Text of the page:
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## Seeing Double

• Lesson
Pre-K-2
1

In this lesson, students encounter the magical effect of reflection as they use a mirror to visually experience the concept of doubling quantities. This experience focuses student’s attention to using doubles as a strategy to make number operations easier, specifically addition. Literature is used as an introduction to provide a connection and motivation, a game is used for discovery and practice, and writing is used as closure to this lesson.

Begin this lesson by reading the book, Two of Everything. This is a Chinese folktale about a hardworking, modest couple, Mr. and Mrs. Haktak, who discover a magical pot. When something is put into the pot, it is automatically doubled. This book creates a common experience about the concept of “doubling” to which the entire class can relate. After the book is complete initiate a conversation about the book with the class by asking some of the following questions:

• What was special about the pot that Mr.Haktak found?

[Everything he put into the pot was doubled.]

• What happened when Mr. Haktak fell into the pot?

[Two Mr. Haktaks came out of the pot.]

• What happened when Mr. and Mrs. Haktak put 5 coins in the pot?

[Ten coins came out.]

After the students have confirmed an understanding of the book, write equations to show what happened to Mr. Haktak and the coins Write 1+1=2 to represent Mr. Haktak being doubled, and write 5+5=10 to represent the coins being doubled.

To begin the main activity, sit in a circle with the students. Explain that you have a very special “doubling machine” (mirror) that is going to show them how different things are doubled. Hold up the “doubling machine” next to a student and ask the class to explain what happened. [The student was doubled and now you can see two students. Now ask how they could write that as an equation. [1+1=2.] Repeat this with different objects around the room.

Have the students remain in a circle, and ask them if they would like to use their own “doubling machine.” Explain that they are going to play a game and use the “doubling machines” to help them. Create a larger version of the Seeing Double Activity Sheet and model how to play the game as you sit at the head of the circle and the students watch.

1. Roll one number cube.
2. Place the number rolled in the square on the Enlarged Seeing Double Activity Sheet.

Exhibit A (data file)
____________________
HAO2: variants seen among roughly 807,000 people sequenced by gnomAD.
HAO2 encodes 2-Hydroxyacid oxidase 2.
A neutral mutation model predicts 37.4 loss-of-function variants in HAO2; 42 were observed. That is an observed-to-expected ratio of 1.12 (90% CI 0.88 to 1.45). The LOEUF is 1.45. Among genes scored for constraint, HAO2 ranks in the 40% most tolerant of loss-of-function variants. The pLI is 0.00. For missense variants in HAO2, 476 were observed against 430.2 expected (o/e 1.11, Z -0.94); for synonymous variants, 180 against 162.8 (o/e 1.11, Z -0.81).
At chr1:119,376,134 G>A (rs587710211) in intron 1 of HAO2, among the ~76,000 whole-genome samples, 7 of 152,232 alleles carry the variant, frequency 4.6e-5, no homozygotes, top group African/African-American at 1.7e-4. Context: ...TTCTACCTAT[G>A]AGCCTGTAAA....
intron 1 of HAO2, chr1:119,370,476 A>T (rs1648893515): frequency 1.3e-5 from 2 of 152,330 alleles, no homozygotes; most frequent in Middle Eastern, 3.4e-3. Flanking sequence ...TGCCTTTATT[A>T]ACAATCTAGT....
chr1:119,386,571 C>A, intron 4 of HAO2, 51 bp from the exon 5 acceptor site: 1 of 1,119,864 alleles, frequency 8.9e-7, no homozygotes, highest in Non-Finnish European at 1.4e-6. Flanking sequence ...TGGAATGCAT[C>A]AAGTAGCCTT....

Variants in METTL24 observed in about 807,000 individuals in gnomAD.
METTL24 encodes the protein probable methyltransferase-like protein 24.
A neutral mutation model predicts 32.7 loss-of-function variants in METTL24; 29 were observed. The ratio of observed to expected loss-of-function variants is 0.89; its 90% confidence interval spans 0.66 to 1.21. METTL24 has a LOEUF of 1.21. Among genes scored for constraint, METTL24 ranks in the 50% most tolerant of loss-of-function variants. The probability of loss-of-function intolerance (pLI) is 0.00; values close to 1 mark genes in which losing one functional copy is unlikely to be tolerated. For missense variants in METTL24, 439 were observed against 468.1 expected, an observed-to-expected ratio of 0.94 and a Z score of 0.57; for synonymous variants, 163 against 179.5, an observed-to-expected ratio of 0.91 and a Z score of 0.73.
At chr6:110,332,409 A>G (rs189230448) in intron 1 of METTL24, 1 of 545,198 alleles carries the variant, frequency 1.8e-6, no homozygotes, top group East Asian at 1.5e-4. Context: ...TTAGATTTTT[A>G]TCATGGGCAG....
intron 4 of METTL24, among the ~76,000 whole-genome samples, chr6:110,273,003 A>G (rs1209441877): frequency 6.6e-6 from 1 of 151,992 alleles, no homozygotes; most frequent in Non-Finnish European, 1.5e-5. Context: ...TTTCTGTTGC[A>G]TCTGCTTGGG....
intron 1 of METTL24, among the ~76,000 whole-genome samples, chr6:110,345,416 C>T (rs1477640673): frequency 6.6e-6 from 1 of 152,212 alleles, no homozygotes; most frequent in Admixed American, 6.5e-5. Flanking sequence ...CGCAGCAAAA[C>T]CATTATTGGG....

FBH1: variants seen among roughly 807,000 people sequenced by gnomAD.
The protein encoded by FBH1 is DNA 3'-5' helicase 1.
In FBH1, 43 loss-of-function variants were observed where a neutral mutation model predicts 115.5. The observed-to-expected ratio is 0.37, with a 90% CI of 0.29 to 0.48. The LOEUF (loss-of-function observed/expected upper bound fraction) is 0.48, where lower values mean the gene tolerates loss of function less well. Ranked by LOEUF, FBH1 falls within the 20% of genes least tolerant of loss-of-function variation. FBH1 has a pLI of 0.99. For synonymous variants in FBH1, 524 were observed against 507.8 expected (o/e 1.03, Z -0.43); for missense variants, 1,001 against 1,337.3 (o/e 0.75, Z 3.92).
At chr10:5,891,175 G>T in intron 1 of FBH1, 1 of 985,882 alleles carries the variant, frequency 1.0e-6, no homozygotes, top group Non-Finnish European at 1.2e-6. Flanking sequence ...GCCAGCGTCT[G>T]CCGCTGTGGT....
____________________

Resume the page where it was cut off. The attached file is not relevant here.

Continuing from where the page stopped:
3. Select that number of plastic chips and place them on the desk.
4. Have your partner hold up the doubling machine behind the chips so that you can see the reflection.
5. Count all of the chips (the real ones, plus the reflected ones).
6. Write an equation.

For instance, let’s say you roll a 4. Then place 4 chips on the desk. With students watching, place the mirror behind the chips so that the reflection of all 4 chips is visible. Then count all 8 chips. Finally, write an equation that represents this situation: 4 + 4 = 8.

Have students follow these same six steps, and then switch roles with their partner.
Divide the students into pairs and give each pair a number cube, plastic chips, and a handheld mirror. In addition, give each student in the pair a Seeing Double activity sheet. Let the students play this game until they have written four equations. If students finish early they may turn their paper over and continue rolling the number cube and recording equations.

### Closure

When the class is finished, have them clean up their game and again sit in a circle. In the circle, ask students to imagine that they have a doubling pot. What would they put inside? Record any ideas that they may have on chart paper. Explain that they are going to be authors of their own book called Our Class Doubling Pot. Instruct the students to choose something they would like to put in their pot--it can be from the class generated list or one of their own ideas. Then have each student select one of the four equations from their Seeing Double activity sheet and circle it. They will use that equation as a basis for what they are going to write on their page of the book. Give each student a Doubling Pot Activity Sheet to create their page for the class book.

They will write their equation and create an illustration to represent it. Print a copy of the Our Class Doubling Book Cover Sheet for the class book, and write all students’ names on the cover.

To compile the class book, place all of the student’s pages underneath the cover and bind the book by stapling along the left side, or by punching three holes down the left side and securing it with ribbon or yarn.

Student examples:

### References

• Bachman, Vicki. First Grade Math. Sausalito, CA: Math Solutions, 2003.
• Brown, Clara Lee, Jo Ann Cady and Thomas E. Hodges. “Supporting Language Learners.” Teaching Children Mathematics, April 2010.

Assessment Options

1. The students’ Seeing Double Activity Sheet and page in the book can be used to assess the student’s understanding and ability to write equations to represent doubles and create a pictorial representation of an equation with doubles.
2. Throughout the lesson, circulate, observe and question the students as they play the Seeing Double game. Use the questions from Questions for Students to assess students’ understanding.
3. An individual assessment can also be done to assess a student’s understanding of the concept of doubles. Place a pile of 4 chips and a pile of 3 chips on an overhead projector so that all students can see them. Then ask the students to write on a piece of paper if those chips show a double. If not, have the student draw or write what would have to be changed in order for it to become a double.

Extensions

1. As an extension to this lesson, patterns and algebra can be explored by changing the rules of the “magic pot”. Instead of doubling, everything that is put into the pot could increase by 3. Have students play the game again, but this time they must write the equation for a number increasing by 3 instead of a number being doubled. Challenge students to create their own rules for the magic pot, and have other students play the game based on their rules.